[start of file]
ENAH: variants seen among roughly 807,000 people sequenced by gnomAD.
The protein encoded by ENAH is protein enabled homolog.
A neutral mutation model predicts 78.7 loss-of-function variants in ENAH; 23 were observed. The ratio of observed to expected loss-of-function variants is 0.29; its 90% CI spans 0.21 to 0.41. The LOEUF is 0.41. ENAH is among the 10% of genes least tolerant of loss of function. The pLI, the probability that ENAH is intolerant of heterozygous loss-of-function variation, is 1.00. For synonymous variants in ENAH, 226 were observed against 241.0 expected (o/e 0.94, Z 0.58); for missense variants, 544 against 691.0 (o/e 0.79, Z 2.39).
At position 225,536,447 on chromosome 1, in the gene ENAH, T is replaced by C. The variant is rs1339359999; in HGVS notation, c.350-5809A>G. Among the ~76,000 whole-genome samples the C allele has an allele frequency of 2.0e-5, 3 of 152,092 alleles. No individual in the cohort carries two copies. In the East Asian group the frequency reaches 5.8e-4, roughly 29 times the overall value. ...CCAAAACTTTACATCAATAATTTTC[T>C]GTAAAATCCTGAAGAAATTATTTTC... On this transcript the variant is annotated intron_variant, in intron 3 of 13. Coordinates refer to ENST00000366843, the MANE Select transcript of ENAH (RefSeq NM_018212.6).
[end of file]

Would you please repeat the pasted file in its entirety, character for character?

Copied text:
ENAH: variants seen among roughly 807,000 people sequenced by gnomAD.
The protein encoded by ENAH is protein enabled homolog.
A neutral mutation model predicts 78.7 loss-of-function variants in ENAH; 23 were observed. The ratio of observed to expected loss-of-function variants is 0.29; its 90% CI spans 0.21 to 0.41. The LOEUF is 0.41. ENAH is among the 10% of genes least tolerant of loss of function. The pLI, the probability that ENAH is intolerant of heterozygous loss-of-function variation, is 1.00. For synonymous variants in ENAH, 226 were observed against 241.0 expected (o/e 0.94, Z 0.58); for missense variants, 544 against 691.0 (o/e 0.79, Z 2.39).
At position 225,536,447 on chromosome 1, in the gene ENAH, T is replaced by C. The variant is rs1339359999; in HGVS notation, c.350-5809A>G. Among the ~76,000 whole-genome samples the C allele has an allele frequency of 2.0e-5, 3 of 152,092 alleles. No individual in the cohort carries two copies. In the East Asian group the frequency reaches 5.8e-4, roughly 29 times the overall value. ...CCAAAACTTTACATCAATAATTTTC[T>C]GTAAAATCCTGAAGAAATTATTTTC... On this transcript the variant is annotated intron_variant, in intron 3 of 13. Coordinates refer to ENST00000366843, the MANE Select transcript of ENAH (RefSeq NM_018212.6).